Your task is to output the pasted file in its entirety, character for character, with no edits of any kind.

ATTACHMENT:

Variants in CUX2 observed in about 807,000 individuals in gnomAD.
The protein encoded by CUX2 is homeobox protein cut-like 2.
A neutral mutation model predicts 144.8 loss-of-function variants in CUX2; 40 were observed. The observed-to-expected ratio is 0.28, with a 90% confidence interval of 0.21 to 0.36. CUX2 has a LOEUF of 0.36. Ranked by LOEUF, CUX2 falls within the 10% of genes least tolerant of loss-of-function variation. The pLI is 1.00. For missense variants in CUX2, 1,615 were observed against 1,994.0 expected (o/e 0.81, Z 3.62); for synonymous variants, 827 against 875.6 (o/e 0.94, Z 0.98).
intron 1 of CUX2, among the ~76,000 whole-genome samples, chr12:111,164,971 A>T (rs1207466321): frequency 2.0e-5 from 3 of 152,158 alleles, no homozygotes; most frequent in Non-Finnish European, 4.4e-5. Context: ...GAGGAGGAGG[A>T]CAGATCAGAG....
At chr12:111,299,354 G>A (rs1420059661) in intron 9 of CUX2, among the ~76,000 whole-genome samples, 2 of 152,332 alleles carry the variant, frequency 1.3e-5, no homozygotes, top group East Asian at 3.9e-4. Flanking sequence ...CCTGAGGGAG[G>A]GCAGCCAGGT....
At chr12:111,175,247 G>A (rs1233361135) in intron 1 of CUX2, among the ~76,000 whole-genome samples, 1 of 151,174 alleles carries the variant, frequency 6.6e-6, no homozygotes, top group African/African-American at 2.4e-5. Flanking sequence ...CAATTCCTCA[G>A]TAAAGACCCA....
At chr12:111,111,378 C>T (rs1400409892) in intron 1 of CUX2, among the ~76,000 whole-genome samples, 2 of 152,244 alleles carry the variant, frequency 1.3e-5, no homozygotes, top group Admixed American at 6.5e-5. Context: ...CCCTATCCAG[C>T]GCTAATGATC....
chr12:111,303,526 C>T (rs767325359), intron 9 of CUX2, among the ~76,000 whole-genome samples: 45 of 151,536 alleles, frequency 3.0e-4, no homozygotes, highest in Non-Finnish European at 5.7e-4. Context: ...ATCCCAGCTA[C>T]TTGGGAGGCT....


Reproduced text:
Variants in CUX2 observed in about 807,000 individuals in gnomAD.
The protein encoded by CUX2 is homeobox protein cut-like 2.
A neutral mutation model predicts 144.8 loss-of-function variants in CUX2; 40 were observed. The observed-to-expected ratio is 0.28, with a 90% confidence interval of 0.21 to 0.36. CUX2 has a LOEUF of 0.36. Ranked by LOEUF, CUX2 falls within the 10% of genes least tolerant of loss-of-function variation. The pLI is 1.00. For missense variants in CUX2, 1,615 were observed against 1,994.0 expected (o/e 0.81, Z 3.62); for synonymous variants, 827 against 875.6 (o/e 0.94, Z 0.98).
intron 1 of CUX2, among the ~76,000 whole-genome samples, chr12:111,164,971 A>T (rs1207466321): frequency 2.0e-5 from 3 of 152,158 alleles, no homozygotes; most frequent in Non-Finnish European, 4.4e-5. Context: ...GAGGAGGAGG[A>T]CAGATCAGAG....
At chr12:111,299,354 G>A (rs1420059661) in intron 9 of CUX2, among the ~76,000 whole-genome samples, 2 of 152,332 alleles carry the variant, frequency 1.3e-5, no homozygotes, top group East Asian at 3.9e-4. Flanking sequence ...CCTGAGGGAG[G>A]GCAGCCAGGT....
At chr12:111,175,247 G>A (rs1233361135) in intron 1 of CUX2, among the ~76,000 whole-genome samples, 1 of 151,174 alleles carries the variant, frequency 6.6e-6, no homozygotes, top group African/African-American at 2.4e-5. Flanking sequence ...CAATTCCTCA[G>A]TAAAGACCCA....
At chr12:111,111,378 C>T (rs1400409892) in intron 1 of CUX2, among the ~76,000 whole-genome samples, 2 of 152,244 alleles carry the variant, frequency 1.3e-5, no homozygotes, top group Admixed American at 6.5e-5. Context: ...CCCTATCCAG[C>T]GCTAATGATC....
chr12:111,303,526 C>T (rs767325359), intron 9 of CUX2, among the ~76,000 whole-genome samples: 45 of 151,536 alleles, frequency 3.0e-4, no homozygotes, highest in Non-Finnish European at 5.7e-4. Context: ...ATCCCAGCTA[C>T]TTGGGAGGCT....